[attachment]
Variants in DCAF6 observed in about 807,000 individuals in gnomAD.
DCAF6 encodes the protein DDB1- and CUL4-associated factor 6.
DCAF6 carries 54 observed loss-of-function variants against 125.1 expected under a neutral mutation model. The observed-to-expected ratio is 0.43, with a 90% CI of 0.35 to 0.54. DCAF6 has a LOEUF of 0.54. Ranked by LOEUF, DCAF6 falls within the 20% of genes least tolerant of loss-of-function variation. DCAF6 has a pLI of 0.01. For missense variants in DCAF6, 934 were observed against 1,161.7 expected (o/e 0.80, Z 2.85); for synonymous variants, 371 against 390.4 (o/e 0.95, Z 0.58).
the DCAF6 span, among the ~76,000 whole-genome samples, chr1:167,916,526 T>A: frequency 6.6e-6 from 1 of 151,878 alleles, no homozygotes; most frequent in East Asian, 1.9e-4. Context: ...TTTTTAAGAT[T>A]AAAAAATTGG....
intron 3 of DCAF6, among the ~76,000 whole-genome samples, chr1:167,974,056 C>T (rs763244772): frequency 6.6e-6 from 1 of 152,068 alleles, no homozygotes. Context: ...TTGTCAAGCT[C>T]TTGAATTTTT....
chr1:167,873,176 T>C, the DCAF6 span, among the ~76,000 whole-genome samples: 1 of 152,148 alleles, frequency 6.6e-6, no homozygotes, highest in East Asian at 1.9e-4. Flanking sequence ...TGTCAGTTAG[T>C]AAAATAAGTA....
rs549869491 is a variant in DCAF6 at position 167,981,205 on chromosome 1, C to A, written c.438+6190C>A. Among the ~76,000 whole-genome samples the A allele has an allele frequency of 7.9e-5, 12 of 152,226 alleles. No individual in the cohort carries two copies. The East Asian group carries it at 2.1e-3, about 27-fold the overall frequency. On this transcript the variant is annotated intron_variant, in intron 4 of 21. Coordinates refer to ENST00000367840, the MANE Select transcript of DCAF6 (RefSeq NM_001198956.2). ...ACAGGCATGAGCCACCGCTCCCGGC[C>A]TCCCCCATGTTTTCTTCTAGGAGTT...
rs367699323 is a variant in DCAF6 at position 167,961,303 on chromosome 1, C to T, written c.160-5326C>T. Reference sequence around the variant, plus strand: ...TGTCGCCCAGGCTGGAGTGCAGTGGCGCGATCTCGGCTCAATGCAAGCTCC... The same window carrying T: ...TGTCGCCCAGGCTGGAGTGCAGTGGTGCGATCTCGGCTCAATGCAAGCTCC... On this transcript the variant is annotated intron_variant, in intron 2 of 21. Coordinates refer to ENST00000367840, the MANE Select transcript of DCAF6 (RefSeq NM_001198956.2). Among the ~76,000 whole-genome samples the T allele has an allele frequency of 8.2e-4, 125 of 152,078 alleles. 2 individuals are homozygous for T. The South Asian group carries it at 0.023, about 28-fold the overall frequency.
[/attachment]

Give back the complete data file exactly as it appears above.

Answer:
Variants in DCAF6 observed in about 807,000 individuals in gnomAD.
DCAF6 encodes the protein DDB1- and CUL4-associated factor 6.
DCAF6 carries 54 observed loss-of-function variants against 125.1 expected under a neutral mutation model. The observed-to-expected ratio is 0.43, with a 90% CI of 0.35 to 0.54. DCAF6 has a LOEUF of 0.54. Ranked by LOEUF, DCAF6 falls within the 20% of genes least tolerant of loss-of-function variation. DCAF6 has a pLI of 0.01. For missense variants in DCAF6, 934 were observed against 1,161.7 expected (o/e 0.80, Z 2.85); for synonymous variants, 371 against 390.4 (o/e 0.95, Z 0.58).
the DCAF6 span, among the ~76,000 whole-genome samples, chr1:167,916,526 T>A: frequency 6.6e-6 from 1 of 151,878 alleles, no homozygotes; most frequent in East Asian, 1.9e-4. Context: ...TTTTTAAGAT[T>A]AAAAAATTGG....
intron 3 of DCAF6, among the ~76,000 whole-genome samples, chr1:167,974,056 C>T (rs763244772): frequency 6.6e-6 from 1 of 152,068 alleles, no homozygotes. Context: ...TTGTCAAGCT[C>T]TTGAATTTTT....
chr1:167,873,176 T>C, the DCAF6 span, among the ~76,000 whole-genome samples: 1 of 152,148 alleles, frequency 6.6e-6, no homozygotes, highest in East Asian at 1.9e-4. Flanking sequence ...TGTCAGTTAG[T>C]AAAATAAGTA....
rs549869491 is a variant in DCAF6 at position 167,981,205 on chromosome 1, C to A, written c.438+6190C>A. Among the ~76,000 whole-genome samples the A allele has an allele frequency of 7.9e-5, 12 of 152,226 alleles. No individual in the cohort carries two copies. The East Asian group carries it at 2.1e-3, about 27-fold the overall frequency. On this transcript the variant is annotated intron_variant, in intron 4 of 21. Coordinates refer to ENST00000367840, the MANE Select transcript of DCAF6 (RefSeq NM_001198956.2). ...ACAGGCATGAGCCACCGCTCCCGGC[C>A]TCCCCCATGTTTTCTTCTAGGAGTT...
rs367699323 is a variant in DCAF6 at position 167,961,303 on chromosome 1, C to T, written c.160-5326C>T. Reference sequence around the variant, plus strand: ...TGTCGCCCAGGCTGGAGTGCAGTGGCGCGATCTCGGCTCAATGCAAGCTCC... The same window carrying T: ...TGTCGCCCAGGCTGGAGTGCAGTGGTGCGATCTCGGCTCAATGCAAGCTCC... On this transcript the variant is annotated intron_variant, in intron 2 of 21. Coordinates refer to ENST00000367840, the MANE Select transcript of DCAF6 (RefSeq NM_001198956.2). Among the ~76,000 whole-genome samples the T allele has an allele frequency of 8.2e-4, 125 of 152,078 alleles. 2 individuals are homozygous for T. The South Asian group carries it at 0.023, about 28-fold the overall frequency.